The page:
Subscribe: Library Chronicles
Added By: Feedage Forager Feedage Grade B rated
Language: English
care  clinton  economic  hour  issues  it’s  palmieri  people  politics  talking donors  talking  voters  working people  working   
Rate this Feed
Rate this feedRate this feedRate this feedRate this feedRate this feed
Rate this feed 1 starRate this feed 2 starRate this feed 3 starRate this feed 4 starRate this feed 5 star

Comments (0)

Feed Details and Statistics Feed Statistics
Preview: Library Chronicles

Library Chronicles

Paradise plastic. Cheap and fantastic.

Updated: 2017-02-24T15:37:13.665-06:00


Six Flags: So Very Tired



Anyway, par for the course. Wait a few months and we'll see if they're all in the same room frowning at the same group of applicants again.

They're just talking to donors


It's fine to go through the all the trouble of explaining why the Clintonista messaging is so hollow and cynical and generally useless particularly for the current political climate. But, really, all you have to understand is that when they say things as thoroughly tone deaf as, "It's about Nordstrom, not Fight For Fifteen" they are talking to donors and not to voters.
There are a few issues to note here. First, if anyone wondered whether Clinton Democrats would have learned that they needed to care more about economic issues, the answer is no. Palmieri, like Nancy Pelosi, does not sense any need to respond to the economic populism that led 13 million voters toward Bernie Sanders in the primary and helped Trump win crucial Rust Belt states. The standard progressive criticism of Clintonian centrism is that it values racial diversity and inclusive gender politics, but it actually doesn’t care about lifting the living standards of working-class people of any race or gender. Palmieri confirms that this impression is no myth; it’s “all about identity” these days, and we shouldn’t assume people want $15 an hour. (Is there actually anyone who doesn’t want $15 an hour?) And “power,” to this contingent of Democrats, is about whether you shop at Neiman Marcus or not. It’s not about, say, power in the workplace.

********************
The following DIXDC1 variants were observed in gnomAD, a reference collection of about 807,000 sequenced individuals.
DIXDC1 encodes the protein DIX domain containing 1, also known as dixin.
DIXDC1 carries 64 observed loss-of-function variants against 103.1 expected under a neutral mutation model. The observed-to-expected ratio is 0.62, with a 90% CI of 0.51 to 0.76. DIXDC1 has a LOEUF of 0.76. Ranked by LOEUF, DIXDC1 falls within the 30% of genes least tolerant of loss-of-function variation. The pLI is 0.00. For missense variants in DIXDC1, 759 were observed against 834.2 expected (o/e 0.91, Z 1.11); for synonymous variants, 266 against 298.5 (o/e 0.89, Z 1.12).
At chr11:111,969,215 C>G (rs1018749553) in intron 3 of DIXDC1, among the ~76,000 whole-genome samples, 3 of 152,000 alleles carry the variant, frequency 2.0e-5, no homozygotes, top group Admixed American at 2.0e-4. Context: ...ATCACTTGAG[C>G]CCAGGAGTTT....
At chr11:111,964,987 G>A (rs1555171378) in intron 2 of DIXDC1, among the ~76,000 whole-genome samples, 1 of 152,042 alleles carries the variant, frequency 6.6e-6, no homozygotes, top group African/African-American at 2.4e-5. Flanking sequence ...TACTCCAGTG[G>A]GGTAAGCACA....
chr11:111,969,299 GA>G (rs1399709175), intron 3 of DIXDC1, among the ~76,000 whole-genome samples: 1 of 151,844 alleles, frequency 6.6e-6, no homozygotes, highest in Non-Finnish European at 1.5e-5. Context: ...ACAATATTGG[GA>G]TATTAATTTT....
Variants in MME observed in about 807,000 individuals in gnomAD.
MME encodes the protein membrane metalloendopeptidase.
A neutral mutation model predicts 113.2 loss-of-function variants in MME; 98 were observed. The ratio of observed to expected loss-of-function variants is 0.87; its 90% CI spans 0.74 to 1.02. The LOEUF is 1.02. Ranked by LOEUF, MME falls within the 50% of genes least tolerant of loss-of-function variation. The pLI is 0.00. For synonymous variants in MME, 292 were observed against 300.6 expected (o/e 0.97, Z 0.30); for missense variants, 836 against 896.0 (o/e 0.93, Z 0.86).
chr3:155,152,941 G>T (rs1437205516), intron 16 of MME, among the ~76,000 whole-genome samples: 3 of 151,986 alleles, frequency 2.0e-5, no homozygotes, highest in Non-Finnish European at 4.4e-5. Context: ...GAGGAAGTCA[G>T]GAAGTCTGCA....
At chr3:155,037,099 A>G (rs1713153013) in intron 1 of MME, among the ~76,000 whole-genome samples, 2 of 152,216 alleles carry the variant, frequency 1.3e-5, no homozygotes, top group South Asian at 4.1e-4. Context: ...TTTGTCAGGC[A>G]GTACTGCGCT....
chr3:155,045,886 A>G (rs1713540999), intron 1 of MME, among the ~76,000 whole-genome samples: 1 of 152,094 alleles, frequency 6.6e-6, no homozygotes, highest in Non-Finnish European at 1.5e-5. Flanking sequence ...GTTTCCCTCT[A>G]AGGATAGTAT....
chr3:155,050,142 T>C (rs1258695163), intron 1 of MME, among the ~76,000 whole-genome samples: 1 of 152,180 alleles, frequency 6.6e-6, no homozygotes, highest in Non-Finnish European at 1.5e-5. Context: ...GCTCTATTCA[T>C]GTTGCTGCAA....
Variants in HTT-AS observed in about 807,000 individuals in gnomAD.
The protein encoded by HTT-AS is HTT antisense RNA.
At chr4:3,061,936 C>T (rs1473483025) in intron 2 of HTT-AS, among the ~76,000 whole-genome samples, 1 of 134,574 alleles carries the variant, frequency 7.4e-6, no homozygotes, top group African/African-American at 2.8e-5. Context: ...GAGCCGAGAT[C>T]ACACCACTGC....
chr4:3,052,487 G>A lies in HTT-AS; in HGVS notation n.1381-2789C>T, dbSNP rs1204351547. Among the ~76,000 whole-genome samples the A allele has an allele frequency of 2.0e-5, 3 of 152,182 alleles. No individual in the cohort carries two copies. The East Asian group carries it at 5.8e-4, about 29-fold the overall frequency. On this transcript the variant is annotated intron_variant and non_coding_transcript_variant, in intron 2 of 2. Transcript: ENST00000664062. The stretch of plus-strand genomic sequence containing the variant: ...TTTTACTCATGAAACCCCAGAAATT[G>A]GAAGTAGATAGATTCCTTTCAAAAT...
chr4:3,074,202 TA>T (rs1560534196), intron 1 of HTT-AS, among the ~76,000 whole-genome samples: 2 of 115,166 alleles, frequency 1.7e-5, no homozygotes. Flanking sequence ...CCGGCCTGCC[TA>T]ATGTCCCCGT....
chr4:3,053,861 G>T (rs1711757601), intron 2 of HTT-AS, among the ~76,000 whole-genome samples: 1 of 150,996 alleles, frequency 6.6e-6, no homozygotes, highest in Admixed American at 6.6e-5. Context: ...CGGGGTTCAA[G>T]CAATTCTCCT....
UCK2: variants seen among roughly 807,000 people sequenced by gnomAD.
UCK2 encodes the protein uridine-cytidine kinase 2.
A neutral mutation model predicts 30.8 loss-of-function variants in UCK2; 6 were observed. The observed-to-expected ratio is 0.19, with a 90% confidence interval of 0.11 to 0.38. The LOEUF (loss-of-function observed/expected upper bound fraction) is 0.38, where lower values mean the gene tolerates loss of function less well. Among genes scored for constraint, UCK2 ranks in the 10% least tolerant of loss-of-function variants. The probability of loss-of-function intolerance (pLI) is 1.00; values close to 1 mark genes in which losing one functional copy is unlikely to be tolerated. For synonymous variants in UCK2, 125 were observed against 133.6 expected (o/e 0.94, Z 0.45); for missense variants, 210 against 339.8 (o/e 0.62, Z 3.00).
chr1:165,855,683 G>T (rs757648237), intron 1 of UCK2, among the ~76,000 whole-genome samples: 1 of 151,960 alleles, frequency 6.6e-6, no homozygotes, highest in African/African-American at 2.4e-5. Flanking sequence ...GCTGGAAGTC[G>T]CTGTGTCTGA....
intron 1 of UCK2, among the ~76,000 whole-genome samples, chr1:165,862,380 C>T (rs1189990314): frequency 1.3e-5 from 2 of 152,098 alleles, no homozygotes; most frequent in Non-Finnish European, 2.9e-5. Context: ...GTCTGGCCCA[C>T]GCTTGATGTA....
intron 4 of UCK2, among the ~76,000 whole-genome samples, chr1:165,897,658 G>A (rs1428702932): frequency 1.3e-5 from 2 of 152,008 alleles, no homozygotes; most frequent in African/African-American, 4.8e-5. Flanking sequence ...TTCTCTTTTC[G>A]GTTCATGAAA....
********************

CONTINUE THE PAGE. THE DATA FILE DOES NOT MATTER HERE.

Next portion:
But there’s a separate important question to ask: what is Palmieri actually talking about here? Look again at the above paragraph. It’s almost totally without meaning. What is “a safer place to be”? What does “it’s all about identity” even imply? Yes, one gets the fact that she’s rejecting calls to adopt more progressive economic policies, and that she thinks doing politics means deciding which expensive department store to shop at. But the most striking thing about the statement is its utter vacuousness. She wants to be supportive and empowering, but we get almost no specifics as to what that entails. (Palmieri also said that voters were “scared” rather than “angry,” a distinction just about as clear and useful as the one between “greatness” and “goodness” in the baffling Clinton slogan “America is great because America is good.”)
Of course, also, they don't actually care about working class people's issues. But mostly what's happening is they were taught that the way to do politics is to reassure the donor class first. And that's all they know how to do.